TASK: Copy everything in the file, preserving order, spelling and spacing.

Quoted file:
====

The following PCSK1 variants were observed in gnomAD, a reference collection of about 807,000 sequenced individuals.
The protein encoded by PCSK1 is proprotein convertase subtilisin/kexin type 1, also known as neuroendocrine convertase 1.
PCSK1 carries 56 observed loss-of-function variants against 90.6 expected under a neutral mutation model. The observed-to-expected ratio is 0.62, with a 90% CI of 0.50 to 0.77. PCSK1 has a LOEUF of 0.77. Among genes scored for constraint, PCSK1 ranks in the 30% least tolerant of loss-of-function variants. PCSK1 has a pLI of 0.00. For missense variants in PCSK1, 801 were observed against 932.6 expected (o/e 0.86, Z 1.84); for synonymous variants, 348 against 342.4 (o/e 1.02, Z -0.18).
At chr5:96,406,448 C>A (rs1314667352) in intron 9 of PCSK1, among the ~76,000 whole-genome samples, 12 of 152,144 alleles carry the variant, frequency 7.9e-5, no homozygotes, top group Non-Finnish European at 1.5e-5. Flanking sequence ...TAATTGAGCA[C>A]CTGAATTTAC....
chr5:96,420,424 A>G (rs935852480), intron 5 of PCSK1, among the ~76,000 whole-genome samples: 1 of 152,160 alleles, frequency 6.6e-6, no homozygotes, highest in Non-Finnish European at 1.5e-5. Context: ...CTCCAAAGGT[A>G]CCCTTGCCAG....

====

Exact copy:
The following PCSK1 variants were observed in gnomAD, a reference collection of about 807,000 sequenced individuals.
The protein encoded by PCSK1 is proprotein convertase subtilisin/kexin type 1, also known as neuroendocrine convertase 1.
PCSK1 carries 56 observed loss-of-function variants against 90.6 expected under a neutral mutation model. The observed-to-expected ratio is 0.62, with a 90% CI of 0.50 to 0.77. PCSK1 has a LOEUF of 0.77. Among genes scored for constraint, PCSK1 ranks in the 30% least tolerant of loss-of-function variants. PCSK1 has a pLI of 0.00. For missense variants in PCSK1, 801 were observed against 932.6 expected (o/e 0.86, Z 1.84); for synonymous variants, 348 against 342.4 (o/e 1.02, Z -0.18).
At chr5:96,406,448 C>A (rs1314667352) in intron 9 of PCSK1, among the ~76,000 whole-genome samples, 12 of 152,144 alleles carry the variant, frequency 7.9e-5, no homozygotes, top group Non-Finnish European at 1.5e-5. Flanking sequence ...TAATTGAGCA[C>A]CTGAATTTAC....
chr5:96,420,424 A>G (rs935852480), intron 5 of PCSK1, among the ~76,000 whole-genome samples: 1 of 152,160 alleles, frequency 6.6e-6, no homozygotes, highest in Non-Finnish European at 1.5e-5. Context: ...CTCCAAAGGT[A>G]CCCTTGCCAG....